In June 2013, then Home Secretary Teressa May blocked two of the worlds leading counter-jihad activists, Robert Spencer and Pamela Geller from entering the UK. The pair had been due to speak at an English Defence League rally in the aftermath of the savage murder of Lee Rigby by barbaric Muslim extremists. Despite neither having a history of participating or promoting any kind of violence, and Robert Spencer being an expert on Islam and author of many books on the subject of Islamization including a NY Times best seller.
Home Secretary Theresa May informed Spencer and Geller that their presence in the UK would “not be conducive to the public good”. The reality of the situation was the government gave in to pressure from two publicly funded anti racism
cashcows groups who had been heavily campaigning online to try to get the counter-jihad activists barred from entering the UK.One being the Muslim sympathy seekers from TellMama, at a time when Fiyaz Mughals taqiyya had yet to be rumbled and he had managed to twist the negative Muslim attention after Woolwich onto the EDL . Portraying Muslims as the victims.
The second group who went all out campaigning and collected a 28,000 signature petition to block Spencer and Gellers were Hope not Hate. A far-left extremist group bank rolled by the Department for Communities and Local Government and Unite the union. It is run by a communist Nick Lowles along with serial fantasist Matthew Collins, a former neo nazi granny beater who switched sides after his former nazi friends found out that he was a police informer and were baying for his blood. Collins is now well paid by HnH to falsely smear people who simply object to the threat of Islam and speak their minds about it as racists and nazis. Matthew Collins is a fraud and a very dangerous one at that. Not one to let the truth get in the way of his story telling, Collins will happily put people s safety at risk by manufacturing fake evidence to make his lies and false look genuine.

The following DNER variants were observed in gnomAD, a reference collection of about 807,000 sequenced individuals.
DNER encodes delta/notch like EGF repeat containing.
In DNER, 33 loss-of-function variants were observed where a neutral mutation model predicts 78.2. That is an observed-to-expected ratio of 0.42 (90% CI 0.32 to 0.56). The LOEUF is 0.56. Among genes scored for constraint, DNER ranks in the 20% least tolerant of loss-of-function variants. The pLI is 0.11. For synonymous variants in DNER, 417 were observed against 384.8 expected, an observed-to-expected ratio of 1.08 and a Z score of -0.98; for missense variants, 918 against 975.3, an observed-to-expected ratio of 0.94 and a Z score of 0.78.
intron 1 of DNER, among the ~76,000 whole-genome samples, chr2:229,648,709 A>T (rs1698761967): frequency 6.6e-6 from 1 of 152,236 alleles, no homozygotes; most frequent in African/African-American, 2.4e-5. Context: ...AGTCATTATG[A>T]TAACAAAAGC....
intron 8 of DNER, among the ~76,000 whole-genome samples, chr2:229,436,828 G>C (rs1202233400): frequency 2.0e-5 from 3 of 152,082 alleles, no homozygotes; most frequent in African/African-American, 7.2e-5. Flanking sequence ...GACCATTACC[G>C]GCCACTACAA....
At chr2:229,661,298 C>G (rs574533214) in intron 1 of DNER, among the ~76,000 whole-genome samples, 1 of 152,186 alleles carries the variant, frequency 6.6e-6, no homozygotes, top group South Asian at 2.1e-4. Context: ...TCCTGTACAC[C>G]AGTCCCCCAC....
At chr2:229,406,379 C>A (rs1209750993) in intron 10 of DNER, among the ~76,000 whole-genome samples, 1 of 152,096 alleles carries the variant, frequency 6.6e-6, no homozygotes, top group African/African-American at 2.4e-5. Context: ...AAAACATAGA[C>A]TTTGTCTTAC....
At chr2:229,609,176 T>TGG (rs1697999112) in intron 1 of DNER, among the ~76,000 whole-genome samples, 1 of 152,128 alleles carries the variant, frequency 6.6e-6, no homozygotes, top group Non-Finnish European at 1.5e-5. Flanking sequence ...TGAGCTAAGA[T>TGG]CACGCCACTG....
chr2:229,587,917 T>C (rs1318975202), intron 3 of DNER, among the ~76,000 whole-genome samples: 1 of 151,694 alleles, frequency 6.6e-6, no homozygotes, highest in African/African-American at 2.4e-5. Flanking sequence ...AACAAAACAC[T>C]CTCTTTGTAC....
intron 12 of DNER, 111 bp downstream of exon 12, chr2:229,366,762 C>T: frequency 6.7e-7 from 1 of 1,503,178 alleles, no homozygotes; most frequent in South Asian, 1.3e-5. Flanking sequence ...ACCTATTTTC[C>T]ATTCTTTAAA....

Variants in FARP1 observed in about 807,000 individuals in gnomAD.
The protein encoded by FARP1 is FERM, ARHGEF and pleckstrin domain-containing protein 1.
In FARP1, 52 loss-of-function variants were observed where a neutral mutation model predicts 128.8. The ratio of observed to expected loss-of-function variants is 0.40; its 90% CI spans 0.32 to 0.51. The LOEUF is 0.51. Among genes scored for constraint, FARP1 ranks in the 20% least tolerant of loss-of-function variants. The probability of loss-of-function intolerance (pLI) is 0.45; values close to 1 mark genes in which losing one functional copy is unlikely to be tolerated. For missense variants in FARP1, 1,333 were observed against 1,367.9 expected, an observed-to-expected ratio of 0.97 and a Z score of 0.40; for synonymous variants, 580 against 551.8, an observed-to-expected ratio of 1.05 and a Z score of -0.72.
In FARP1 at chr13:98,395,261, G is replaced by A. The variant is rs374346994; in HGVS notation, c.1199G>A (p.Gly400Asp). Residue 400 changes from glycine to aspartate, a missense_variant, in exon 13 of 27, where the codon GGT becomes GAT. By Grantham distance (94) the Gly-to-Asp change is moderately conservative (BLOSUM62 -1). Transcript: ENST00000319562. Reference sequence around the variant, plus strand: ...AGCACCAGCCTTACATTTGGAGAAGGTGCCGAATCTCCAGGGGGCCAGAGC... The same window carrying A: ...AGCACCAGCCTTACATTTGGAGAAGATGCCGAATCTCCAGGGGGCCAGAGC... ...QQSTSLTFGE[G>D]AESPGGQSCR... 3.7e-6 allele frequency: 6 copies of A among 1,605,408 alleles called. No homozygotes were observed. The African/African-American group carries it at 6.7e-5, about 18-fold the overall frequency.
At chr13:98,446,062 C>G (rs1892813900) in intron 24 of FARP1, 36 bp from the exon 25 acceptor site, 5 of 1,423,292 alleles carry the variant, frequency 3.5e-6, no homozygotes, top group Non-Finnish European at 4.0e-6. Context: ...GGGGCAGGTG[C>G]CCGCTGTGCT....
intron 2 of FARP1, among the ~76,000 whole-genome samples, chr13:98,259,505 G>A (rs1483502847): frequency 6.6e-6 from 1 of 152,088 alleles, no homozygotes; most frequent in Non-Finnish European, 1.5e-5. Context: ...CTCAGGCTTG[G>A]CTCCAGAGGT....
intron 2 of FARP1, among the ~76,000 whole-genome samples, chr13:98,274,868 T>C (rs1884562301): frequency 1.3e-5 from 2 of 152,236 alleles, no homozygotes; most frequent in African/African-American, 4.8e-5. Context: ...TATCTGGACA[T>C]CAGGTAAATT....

Fast forward a little over 3 years and countless acts of Islamic terrorism later to present day. When two Islamic hate preachers from Pakistan, who openly support terrorism to further Islam decide to come to the UK and embark on a tour of mosques which began in July and will run to early September. Where they will spew their warped Islamic beliefs to already hot-headed and volatile Muslims, inciting and agitating them even more . Then you would expect those honourable chaps from TellMama and Hope not Hate who made such a song and dance about Spencer and Gellers planned visit. To have at least made the same kind of stand against these two vile hate preachers.